School divisions are encouraged to provide information about the SFSP to all families to ensure they are aware of the availability of access to nutritious meals for their children throughout local communities.
- Schools can work with their PTA, send electronic announcements to parents through the school notification system, or provide written communication to inform families of the availability of summer meals.
- Families can also call 2-1-1 (Virginia’s information and referral search tool) to find a feeding site closest to their neighborhood. Site information is available on the VDH Web site at http://www.vahealth.org/NuPAFP/General%20Info/sfsp.htm.
- Families may also use their mobile phones to text “SummerVA” to 877-877 and find the feeding site closest to their home. The 2-1-1 and text services provide up-to-date information on Virginia summer meals at no cost.
- The Virginia No Kid Hungry campaign, a public-private partnership between the Commonwealth of Virginia and the Share our Strength organization, is dedicated to ending childhood hunger in Virginia. The No Kid Hungry campaign is working to connect children to summer meals and afterschool meals. Neighborhood feeding sites can be located on the No Kid Hungry Web site at NoKidHungry.org/Virginia.
- The National Hunger Hotline, 1-866-3-HUNGRY, operated by WhyHunger, is a toll-free phone number available to people in need of food assistance. Families can call the National Hunger Hotline to find summer meal sites in their communities.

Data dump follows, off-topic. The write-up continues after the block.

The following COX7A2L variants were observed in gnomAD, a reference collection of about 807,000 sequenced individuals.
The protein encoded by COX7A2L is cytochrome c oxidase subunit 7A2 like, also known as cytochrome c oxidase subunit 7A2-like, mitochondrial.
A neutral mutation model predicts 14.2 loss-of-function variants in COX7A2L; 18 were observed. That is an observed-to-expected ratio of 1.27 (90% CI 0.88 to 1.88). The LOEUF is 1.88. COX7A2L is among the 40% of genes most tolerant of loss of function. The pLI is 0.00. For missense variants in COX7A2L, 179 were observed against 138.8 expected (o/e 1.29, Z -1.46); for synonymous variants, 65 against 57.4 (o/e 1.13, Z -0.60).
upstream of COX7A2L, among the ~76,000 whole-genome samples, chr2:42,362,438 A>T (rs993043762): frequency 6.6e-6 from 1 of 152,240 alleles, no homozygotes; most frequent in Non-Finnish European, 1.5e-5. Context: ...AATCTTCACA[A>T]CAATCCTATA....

This year, Share Our Strength’s No Kid Hungry Campaign is offering monetary grants to school divisions to encourage them to participate in the USDA Summer Food Service Program (SFSP). Any school division interested in starting, expanding, or strengthening their involvement with the USDA SFSP, or the National School Lunch Program Seamless Summer Option, is invited to apply. Grants up to $3,000 will be awarded. Applications that receive full funding will align with the campaign’s goals of access, education, and awareness as outlined on the No Kid Hungry Web site at http://www.nokidhungry.org/. Please visit http://grants.nokidhungry.org/ for more information and, if you choose to apply, please use code VASUMMER2015 to create an account and file the grant application.
The school divisions’ role in feeding hungry children should not stop during the summer months. Please consider participating in one of the above programs and provide information to parents on summer meal options for children. Help ensure Virginia’s children return to school ready to learn.
If you have any additional questions about the SFSP, please contact Conchetta Yonaitis, Special Nutrition Programs Manager, Virginia Department of Health, Division of Community Nutrition, by telephone at (804) 864-7271 or by e-mail at email@example.com.
For more information about the Summer NSLP, Summer SBP or the SSO, please contact the school nutrition program specialist assigned to your division or the Office of School Nutrition Programs at (804) 225-2074.